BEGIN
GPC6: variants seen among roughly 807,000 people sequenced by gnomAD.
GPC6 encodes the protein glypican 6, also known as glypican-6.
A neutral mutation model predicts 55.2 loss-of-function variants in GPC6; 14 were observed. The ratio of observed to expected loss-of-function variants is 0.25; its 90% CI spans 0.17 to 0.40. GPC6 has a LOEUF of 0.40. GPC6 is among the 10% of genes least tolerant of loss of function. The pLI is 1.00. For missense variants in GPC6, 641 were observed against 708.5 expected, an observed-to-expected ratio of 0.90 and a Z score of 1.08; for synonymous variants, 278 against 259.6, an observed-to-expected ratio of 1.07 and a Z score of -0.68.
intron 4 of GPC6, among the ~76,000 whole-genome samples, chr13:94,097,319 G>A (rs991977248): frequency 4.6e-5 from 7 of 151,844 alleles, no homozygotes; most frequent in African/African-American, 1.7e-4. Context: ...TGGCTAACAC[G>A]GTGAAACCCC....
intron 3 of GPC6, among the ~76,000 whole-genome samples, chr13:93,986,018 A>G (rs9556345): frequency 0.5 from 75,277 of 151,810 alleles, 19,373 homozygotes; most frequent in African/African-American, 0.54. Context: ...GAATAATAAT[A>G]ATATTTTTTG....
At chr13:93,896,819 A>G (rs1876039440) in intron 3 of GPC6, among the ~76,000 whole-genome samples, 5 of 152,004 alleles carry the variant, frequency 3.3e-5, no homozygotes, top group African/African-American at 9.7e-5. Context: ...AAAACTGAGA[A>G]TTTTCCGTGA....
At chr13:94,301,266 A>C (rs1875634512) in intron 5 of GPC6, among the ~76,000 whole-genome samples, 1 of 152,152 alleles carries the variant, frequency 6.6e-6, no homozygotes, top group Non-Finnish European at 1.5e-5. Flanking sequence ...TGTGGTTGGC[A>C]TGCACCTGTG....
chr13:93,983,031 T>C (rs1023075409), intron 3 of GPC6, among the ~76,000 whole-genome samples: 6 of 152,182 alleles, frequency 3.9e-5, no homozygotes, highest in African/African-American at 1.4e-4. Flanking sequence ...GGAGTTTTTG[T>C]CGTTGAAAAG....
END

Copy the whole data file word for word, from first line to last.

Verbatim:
GPC6: variants seen among roughly 807,000 people sequenced by gnomAD.
GPC6 encodes the protein glypican 6, also known as glypican-6.
A neutral mutation model predicts 55.2 loss-of-function variants in GPC6; 14 were observed. The ratio of observed to expected loss-of-function variants is 0.25; its 90% CI spans 0.17 to 0.40. GPC6 has a LOEUF of 0.40. GPC6 is among the 10% of genes least tolerant of loss of function. The pLI is 1.00. For missense variants in GPC6, 641 were observed against 708.5 expected, an observed-to-expected ratio of 0.90 and a Z score of 1.08; for synonymous variants, 278 against 259.6, an observed-to-expected ratio of 1.07 and a Z score of -0.68.
intron 4 of GPC6, among the ~76,000 whole-genome samples, chr13:94,097,319 G>A (rs991977248): frequency 4.6e-5 from 7 of 151,844 alleles, no homozygotes; most frequent in African/African-American, 1.7e-4. Context: ...TGGCTAACAC[G>A]GTGAAACCCC....
intron 3 of GPC6, among the ~76,000 whole-genome samples, chr13:93,986,018 A>G (rs9556345): frequency 0.5 from 75,277 of 151,810 alleles, 19,373 homozygotes; most frequent in African/African-American, 0.54. Context: ...GAATAATAAT[A>G]ATATTTTTTG....
At chr13:93,896,819 A>G (rs1876039440) in intron 3 of GPC6, among the ~76,000 whole-genome samples, 5 of 152,004 alleles carry the variant, frequency 3.3e-5, no homozygotes, top group African/African-American at 9.7e-5. Context: ...AAAACTGAGA[A>G]TTTTCCGTGA....
At chr13:94,301,266 A>C (rs1875634512) in intron 5 of GPC6, among the ~76,000 whole-genome samples, 1 of 152,152 alleles carries the variant, frequency 6.6e-6, no homozygotes, top group Non-Finnish European at 1.5e-5. Flanking sequence ...TGTGGTTGGC[A>C]TGCACCTGTG....
chr13:93,983,031 T>C (rs1023075409), intron 3 of GPC6, among the ~76,000 whole-genome samples: 6 of 152,182 alleles, frequency 3.9e-5, no homozygotes, highest in African/African-American at 1.4e-4. Flanking sequence ...GGAGTTTTTG[T>C]CGTTGAAAAG....